Eyes closed and a high beats-per-minute synth-wave track. That was how Yana meditated before a cage fight. Slowly inhaling through her nose, she would hum along the song and crack her knuckles. As soon as she felt the beat drop, Yana would snap out of her trance and stand; ready to entertain the crowd in the Guseks Arena.
Step by step, Yana – the Borinian Snapper – moved closer to the main floor, tightly wrapping her hands in red bandages. They contrasted the blue of her spandex pants and white yet sponsored sports crop-top. Yana never cared for fashion, and when her clothes ended up bloody from a cage fight; the way she looked mattered even less. The crowd cheered and hollered; screaming her name alongside many of Borinia’s Gladiators. Some had already fought; but now it was time for the main event: Yana, the Borinian Snapper versus Fett, the Furious. Continue reading “The Borinian Snapper by Miguel Guerreiro Lourenço”
September had been a red month. The leaves were red, the sunsets. People were being systematically hacked down, blood ran in the streets. When they—the authorities, the media, the gossips—said the centre would not hold, they meant it. When they said things would never be the same, they were not kidding. When they said prepare for the worst, no one could have imagined what the worst could be.
Dr. Ram, living in an iron-barred flat in the middle of the troubles, had taken to wearing sunglasses even indoors. Seeing everything in the glare of daylight without prophylactic measures threatened what remained of one’s sanity. Dr. Ram, a chiropractor in his old life, got by scavenging these days. A dangerous living, of course. That said, his choices, naturally reduced by the atrophy of the state, were constrained. Continue reading “Time of the Djinns by Salvatore Difalco”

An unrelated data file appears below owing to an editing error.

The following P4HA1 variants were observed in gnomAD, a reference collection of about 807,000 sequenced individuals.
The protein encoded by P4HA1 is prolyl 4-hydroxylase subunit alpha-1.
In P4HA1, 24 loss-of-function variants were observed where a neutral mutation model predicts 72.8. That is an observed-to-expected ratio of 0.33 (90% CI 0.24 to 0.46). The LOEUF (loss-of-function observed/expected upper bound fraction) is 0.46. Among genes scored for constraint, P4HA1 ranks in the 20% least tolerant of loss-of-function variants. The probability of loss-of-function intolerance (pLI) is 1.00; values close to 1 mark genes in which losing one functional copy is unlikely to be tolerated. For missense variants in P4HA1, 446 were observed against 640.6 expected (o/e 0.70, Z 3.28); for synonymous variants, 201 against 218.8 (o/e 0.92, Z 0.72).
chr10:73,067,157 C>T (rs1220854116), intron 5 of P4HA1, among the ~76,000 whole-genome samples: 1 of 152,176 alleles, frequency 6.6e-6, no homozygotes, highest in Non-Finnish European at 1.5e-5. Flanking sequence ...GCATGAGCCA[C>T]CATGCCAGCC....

The office tea-point was a miserable space; a battered sink, whose hole emitted a cloacal smell, and a kettle thick with scale. A window looked out onto the building’s cavernous atrium. Tom gently swung it open and peered out. His gut untightened. Karen was still out there, thank God – talking to some clients in leather chairs, waving her hands around in histrionic gestures. Dampened by the acoustics of the hall, a few words and phrases echoed up; ‘New standards in lean product design’, ‘restructuring the client-customer interface’. The clients nodded sagely.
He could still feel the email, framed ominously in his ‘sent mail’ box: Continue reading “Mates Don’t Grass by Matt Hornsby”
“I CAN’T HEAR YOU. YOU CAN’T MAKE ME…”
“Mister King. Please. We’re trying to help you. If you would just be quiet for a moment—”
“I’M NOT LISTENING TO YOU. LA LA LA-”
“MARTIN! Thank you. We won’t tolerate childish behaviour, regardless of your emotional state. We are attempting to ease you through this painlessly.” Continue reading “September 31st by Edward Field”
I hold the scrawny thing to my chest, cradling it like a babe, its paws resting on my collar bones, its fur smelling like pine, its eyes the same colour as Kinko Bay, which stretches behind us, a black mirror scarred with moonlight, until it reaches the grey tower of Mount Sakurajima. In the state of cold fear our hearts beat at the same pace, knocking against each other, its shivering ribs rubbing over my own.
The fox’s eyes have found mine the way that two magnets lock. I feel, in a way that is outside of any sensory apparatus defined by scientific means, its desire for me to look, its desire to show me something in the mercurial glow of its silver gaze, what I need to know. Continue reading “The Heaviness of All Things by Joseph Sale”
We share this space, this
same space, occupied by you
and I. The same time,
identical air, the very light. Continue reading “A Rift in Our Continuums by Charlotte Ozment”
I have a vague recollection of someone once telling me that when they died they hoped the first thing that happened was that they were presented with a DVD of their entire life. Overwrapped – waiting for them to reminisce in full HD – an agreeable concept. Sugar-coated.
In all honesty, they were not too far from the truth. At least that was the case for me, and that (of course) is all the evidence I have to go on. The experience itself is more spasmodic; less obvious I guess: a balloon burst of innumerable images left to marinate the inside of what remained of my head. To settle, and filter – one at a time – through the two blank exit holes with which I had once been privy to a weird little thing called life. Continue reading “A Weird Little Thing Called Life by Richard Alexander”